"I do not see a reporter."
Translation:Én nem látok riportert.
Can't you say "nem látok EGY riportert"? Like, is EGY not used this way in negative sentences?
First of all, as a non-native English speaker I'd like to ask if "I do not see a reporter" is synonymous with "I do not see any reporters" or not.
In Hungarian if the indefinite article is included and the verb is negated ("Nem látok egy riportert"), the sentence means I don't see a particular reporter (whose identity is not revealed).
"Nem látok riportert", "Nem látok riportereket" and "Nem látok egy riportert sem" are synonymous -- I don't see (any) reporters.
I'd tend to say can't see rather than don't see.
For me, the feeling is:
- I can't see a reporter. = I expect to see (at most) one reporter here, but there isn't one.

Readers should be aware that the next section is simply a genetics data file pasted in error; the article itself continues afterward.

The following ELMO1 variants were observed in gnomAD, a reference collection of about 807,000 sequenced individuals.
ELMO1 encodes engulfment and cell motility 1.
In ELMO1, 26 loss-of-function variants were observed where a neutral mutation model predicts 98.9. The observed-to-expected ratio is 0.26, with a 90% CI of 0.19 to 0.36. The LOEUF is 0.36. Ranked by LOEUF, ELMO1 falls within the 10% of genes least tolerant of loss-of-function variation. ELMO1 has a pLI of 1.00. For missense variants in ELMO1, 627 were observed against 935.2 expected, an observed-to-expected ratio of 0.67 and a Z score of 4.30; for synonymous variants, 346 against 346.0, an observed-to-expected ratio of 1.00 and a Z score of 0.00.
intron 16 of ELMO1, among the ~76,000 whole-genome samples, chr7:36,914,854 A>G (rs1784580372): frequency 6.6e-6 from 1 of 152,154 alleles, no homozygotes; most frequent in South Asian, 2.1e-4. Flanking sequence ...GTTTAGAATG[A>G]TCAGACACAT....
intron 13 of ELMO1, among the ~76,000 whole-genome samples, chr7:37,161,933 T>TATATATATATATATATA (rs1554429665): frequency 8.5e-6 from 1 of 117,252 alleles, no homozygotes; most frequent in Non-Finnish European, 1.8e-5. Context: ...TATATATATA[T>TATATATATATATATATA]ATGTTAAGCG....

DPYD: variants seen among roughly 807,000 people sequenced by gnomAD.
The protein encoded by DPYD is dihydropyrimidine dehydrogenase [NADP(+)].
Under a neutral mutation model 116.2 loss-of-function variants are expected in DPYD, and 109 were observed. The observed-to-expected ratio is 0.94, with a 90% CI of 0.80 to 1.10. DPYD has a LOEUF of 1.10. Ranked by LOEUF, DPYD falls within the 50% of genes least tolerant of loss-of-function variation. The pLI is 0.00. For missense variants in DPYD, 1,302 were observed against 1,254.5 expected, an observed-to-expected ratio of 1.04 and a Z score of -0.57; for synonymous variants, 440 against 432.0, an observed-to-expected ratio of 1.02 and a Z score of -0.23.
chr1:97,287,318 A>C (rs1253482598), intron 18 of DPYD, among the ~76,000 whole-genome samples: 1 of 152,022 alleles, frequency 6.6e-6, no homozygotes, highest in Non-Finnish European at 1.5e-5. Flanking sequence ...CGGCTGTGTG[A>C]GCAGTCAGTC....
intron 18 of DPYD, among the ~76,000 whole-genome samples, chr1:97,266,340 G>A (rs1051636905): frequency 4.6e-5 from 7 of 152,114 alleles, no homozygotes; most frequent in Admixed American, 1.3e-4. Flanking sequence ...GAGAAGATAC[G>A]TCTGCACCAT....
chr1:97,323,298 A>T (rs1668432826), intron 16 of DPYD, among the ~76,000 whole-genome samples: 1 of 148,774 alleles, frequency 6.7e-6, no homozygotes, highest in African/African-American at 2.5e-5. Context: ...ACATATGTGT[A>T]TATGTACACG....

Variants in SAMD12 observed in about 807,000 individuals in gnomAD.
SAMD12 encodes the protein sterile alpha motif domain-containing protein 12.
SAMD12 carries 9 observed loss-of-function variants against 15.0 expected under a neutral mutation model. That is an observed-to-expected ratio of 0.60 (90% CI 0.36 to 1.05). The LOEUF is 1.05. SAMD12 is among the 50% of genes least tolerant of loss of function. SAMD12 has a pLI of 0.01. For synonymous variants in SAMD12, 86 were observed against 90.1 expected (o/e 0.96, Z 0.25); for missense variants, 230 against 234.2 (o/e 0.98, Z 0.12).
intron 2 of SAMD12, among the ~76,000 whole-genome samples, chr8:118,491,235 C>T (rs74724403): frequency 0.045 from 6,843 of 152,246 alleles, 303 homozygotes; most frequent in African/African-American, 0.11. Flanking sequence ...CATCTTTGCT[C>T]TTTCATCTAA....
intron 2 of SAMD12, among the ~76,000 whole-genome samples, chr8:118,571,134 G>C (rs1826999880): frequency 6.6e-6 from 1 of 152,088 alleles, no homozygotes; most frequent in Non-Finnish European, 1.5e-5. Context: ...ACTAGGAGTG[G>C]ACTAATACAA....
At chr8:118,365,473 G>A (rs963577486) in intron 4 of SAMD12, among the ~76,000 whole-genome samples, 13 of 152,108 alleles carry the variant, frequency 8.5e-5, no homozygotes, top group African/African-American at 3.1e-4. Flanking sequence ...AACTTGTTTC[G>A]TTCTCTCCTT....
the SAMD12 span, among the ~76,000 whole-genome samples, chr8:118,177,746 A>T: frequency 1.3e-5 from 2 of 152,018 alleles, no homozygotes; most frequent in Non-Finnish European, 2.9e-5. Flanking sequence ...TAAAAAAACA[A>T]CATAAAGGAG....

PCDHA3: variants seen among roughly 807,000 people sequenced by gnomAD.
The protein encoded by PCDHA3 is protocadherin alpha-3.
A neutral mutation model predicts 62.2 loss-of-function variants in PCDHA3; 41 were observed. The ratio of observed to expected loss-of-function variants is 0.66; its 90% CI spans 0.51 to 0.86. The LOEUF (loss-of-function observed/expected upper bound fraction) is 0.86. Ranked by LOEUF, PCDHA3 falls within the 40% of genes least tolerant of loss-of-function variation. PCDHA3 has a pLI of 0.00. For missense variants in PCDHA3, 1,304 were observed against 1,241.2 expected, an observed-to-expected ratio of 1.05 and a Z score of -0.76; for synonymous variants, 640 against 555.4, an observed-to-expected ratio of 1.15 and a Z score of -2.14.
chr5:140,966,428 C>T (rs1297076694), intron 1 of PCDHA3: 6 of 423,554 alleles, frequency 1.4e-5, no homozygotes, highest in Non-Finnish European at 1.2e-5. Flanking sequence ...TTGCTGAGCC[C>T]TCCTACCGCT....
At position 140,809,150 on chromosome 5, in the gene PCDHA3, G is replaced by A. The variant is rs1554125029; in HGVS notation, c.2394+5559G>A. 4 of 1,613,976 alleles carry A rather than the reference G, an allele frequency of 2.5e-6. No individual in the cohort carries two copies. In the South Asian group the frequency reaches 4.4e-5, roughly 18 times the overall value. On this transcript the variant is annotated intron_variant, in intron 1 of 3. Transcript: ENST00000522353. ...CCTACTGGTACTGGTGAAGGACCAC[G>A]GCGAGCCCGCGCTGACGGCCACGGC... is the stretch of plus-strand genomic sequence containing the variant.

- I can't see any reporters. = I expect to see more than one (or at least: one or more) reporter here, but there are no reporters at all.
That would be "Én nem tudok látni riportert" or "Én nem láthatok riportert"
Literally, maybe, but otherwise no.
Hungarian would say "Én nem látok riportert" for both the "don't" and the "can't" versions.
"Én nem láthatok riportert." - this one sounds like I am not permitted to see any reporters.
I think that would be "It's not a reporter that I see" and would be expected to be followed by "but [instead] a ...".
So when you do see something, but the thing you see is not a reporter.
It's a possible translation of the English sentence, but I think not a good one since the English doesn't seem to set up such a contrast.